What Is Happening?
Evergrande is once again facing another crisis. This time, accumulating debt. With nearly $300 billion in liabilities spread among loans, bonds, "trust products", and money owed to suppliers and contractors, China's second-largest property developer embodied their unfettered age of borrowing and building. The crisis shows the rapidity with which corporate fortunes can crumble, as well as the underlying problems in China's growth model.
Real estate, an important component of the Chinese economy (15 - 20% of her GDP), and Evergrande being a significantly large firm in the Chinese economy - the impact of this potential collapse is vast and detrimental to many players, as well as to the second-largest economy in the world. And any impact on the Chinese economy will affect the rest of the world.
This has indefinitely shaken global markets. Experts say that China has to move swiftly to reorganize Evergrande since markets are growing apprehensive, which is harming sentiments. Evergrande is unlikely to trigger the next financial crisis, but it has increased market volatility.
Officials in China are likely to be involved in the repercussions of this crisis before it hits their financial system and spreads to international financial hubs. Many investors are concerned about how and when Officials will address the crisis, as well as whether or not Evergrande will be restructured, as many market experts predict.
It is speculated that Officials will seek to safeguard tens of thousands of Chinese individuals who have purchased unfinished flats, as well as construction workers, suppliers, and small investors, as well as reduce the danger of other real estate companies failing. Simultaneously, it has been attempting for at least a year to rein down developer overborrowing and will not want to dilute that message.
A regional financial news website, Asia Markets, claimed Thursday that the Chinese government was completing an agreement to reorganize Evergrande with the backing of state-owned businesses, stoking speculation about one option – an effective nationalization of the corporation (SOEs).
Banks have also reacted to the company's dwindling cash flow. According to Reuters, HSBC and Standard Chartered have declined to offer fresh loans to purchasers of two unfinished Hong Kong projects by Evergrande. Its share price dropped 80% and Chinese stock markets have regularly suspended trade of its bonds in recent weeks.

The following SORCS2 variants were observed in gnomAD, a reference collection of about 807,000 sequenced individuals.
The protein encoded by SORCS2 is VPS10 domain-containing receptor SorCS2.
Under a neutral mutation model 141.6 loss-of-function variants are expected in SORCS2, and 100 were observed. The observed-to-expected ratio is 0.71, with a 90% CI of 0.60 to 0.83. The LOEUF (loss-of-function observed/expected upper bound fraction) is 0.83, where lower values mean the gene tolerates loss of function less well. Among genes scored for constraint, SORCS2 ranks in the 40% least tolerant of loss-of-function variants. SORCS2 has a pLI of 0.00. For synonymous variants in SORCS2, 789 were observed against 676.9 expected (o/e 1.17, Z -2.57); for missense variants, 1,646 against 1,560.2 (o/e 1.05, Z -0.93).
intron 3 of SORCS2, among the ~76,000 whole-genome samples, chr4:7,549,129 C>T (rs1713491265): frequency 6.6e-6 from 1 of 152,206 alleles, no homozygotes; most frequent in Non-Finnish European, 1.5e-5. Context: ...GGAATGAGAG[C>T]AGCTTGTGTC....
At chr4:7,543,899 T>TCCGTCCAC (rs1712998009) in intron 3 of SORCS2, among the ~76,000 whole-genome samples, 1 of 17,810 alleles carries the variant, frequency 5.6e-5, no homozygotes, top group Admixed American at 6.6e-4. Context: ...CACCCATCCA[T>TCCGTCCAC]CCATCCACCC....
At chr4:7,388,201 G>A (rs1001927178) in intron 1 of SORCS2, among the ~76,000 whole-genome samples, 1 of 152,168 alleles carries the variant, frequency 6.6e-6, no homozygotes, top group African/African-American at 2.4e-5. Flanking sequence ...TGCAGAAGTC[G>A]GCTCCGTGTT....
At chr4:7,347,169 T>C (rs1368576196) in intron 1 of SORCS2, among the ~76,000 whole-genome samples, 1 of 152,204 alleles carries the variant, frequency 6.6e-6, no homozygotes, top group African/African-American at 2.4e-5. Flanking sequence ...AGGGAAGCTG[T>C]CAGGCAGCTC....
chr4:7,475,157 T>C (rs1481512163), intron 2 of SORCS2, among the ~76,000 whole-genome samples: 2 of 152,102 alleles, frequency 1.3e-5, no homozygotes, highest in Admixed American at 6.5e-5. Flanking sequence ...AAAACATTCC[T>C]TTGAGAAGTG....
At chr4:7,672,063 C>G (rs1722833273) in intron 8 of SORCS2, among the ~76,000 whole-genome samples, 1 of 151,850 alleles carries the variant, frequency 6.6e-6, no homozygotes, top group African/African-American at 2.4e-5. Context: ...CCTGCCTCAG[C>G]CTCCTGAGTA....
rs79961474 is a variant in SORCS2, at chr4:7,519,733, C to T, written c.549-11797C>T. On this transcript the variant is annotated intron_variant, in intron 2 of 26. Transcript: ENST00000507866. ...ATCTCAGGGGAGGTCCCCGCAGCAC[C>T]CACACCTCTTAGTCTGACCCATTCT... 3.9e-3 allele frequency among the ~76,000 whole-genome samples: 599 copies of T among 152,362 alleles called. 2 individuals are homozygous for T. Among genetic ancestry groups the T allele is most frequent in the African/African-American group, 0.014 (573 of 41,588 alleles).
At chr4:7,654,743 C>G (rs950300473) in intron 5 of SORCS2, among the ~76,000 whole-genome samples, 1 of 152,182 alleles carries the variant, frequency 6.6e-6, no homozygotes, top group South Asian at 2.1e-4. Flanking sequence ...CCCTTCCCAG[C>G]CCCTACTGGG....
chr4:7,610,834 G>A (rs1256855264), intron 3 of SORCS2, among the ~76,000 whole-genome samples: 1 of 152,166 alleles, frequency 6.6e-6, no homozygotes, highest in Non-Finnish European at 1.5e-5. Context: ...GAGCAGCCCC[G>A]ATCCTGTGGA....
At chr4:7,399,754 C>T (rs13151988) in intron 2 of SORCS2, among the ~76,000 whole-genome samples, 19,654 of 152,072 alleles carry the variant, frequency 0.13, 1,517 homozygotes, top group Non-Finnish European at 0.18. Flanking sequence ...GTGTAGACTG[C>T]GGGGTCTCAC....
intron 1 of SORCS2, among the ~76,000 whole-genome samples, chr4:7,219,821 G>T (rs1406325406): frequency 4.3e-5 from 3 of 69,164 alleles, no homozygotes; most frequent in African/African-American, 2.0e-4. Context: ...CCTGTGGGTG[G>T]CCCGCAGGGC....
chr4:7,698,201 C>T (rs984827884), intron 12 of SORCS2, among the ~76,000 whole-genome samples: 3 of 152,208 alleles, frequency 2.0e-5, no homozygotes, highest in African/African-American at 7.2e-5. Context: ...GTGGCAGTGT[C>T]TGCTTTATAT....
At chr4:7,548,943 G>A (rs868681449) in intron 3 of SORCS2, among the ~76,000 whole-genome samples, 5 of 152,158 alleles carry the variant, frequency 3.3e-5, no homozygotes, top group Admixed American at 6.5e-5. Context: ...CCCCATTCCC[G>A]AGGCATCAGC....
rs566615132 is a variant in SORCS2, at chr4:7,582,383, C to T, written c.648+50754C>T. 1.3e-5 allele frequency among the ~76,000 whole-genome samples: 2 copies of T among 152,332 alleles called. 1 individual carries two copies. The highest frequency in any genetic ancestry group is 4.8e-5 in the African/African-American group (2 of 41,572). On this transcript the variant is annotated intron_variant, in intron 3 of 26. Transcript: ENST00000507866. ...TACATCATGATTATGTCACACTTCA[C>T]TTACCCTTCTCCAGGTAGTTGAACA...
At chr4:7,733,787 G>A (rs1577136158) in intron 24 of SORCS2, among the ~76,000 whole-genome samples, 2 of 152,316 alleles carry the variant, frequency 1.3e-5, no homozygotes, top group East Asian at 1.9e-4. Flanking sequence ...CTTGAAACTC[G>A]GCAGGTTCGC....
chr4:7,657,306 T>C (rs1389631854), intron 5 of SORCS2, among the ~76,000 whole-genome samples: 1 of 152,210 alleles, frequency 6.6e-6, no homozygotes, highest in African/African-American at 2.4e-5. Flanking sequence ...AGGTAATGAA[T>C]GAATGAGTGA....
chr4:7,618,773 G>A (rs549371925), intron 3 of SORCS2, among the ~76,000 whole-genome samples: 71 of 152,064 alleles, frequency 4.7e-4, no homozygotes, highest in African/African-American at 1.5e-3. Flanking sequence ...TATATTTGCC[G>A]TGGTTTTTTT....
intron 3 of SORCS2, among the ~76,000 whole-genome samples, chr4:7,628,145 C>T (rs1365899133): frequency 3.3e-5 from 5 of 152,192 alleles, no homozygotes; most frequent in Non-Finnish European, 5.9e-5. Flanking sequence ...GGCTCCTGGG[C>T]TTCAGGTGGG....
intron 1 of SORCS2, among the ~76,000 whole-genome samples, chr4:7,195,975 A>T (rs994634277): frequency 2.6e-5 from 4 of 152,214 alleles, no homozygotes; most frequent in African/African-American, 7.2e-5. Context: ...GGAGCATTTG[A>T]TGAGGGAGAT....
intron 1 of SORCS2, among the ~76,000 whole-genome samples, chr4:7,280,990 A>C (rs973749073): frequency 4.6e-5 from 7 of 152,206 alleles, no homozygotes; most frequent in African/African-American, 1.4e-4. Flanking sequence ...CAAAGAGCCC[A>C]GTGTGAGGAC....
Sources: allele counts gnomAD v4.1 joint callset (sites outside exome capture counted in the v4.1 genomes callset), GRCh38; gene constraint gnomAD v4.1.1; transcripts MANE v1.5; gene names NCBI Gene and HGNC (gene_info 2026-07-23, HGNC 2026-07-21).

Many investors and creditors have been gathering at Evergrande's headquarters in Shen Zhen. Their anger only increased after Evergrande offered property and even parking spaces instead of cash payments.
Thus far, Chinese officials have moved in to restore trust, pouring billions of dollars into the country's financial system, among other things. Officials have been silent on whether they will actively bail out Evergrande while underlining that no Chinese business is too large to fail.
Evergrande owes an $83.5 million offshore interest payment due on Thursday, as well as a $47.5 million payment due the following week. They have stayed silent on Thursday's dues, which means it has entered a 30-day grace period, after which it will be in default if the debt is not settled. Bondholders are beginning to believe that things will clear up in a month or so, but are left in a state of uncertainty.
Evergrande subsidiary Hengda Real Estate Group has just told the Shenzhen Stock Exchange that it has successfully negotiated to pay interest on a bond due in 2025, according to Euronews. Furthermore, according to Bloomberg, Evergrande is ready to pay a 30.5 million euro interest payment on one of its own bonds. In the short term, this is fantastic news for Evergrande investors and the Chinese stock market in general as fears ease.
However, presently, the atmosphere over Evergrande is still filled with uncertainty.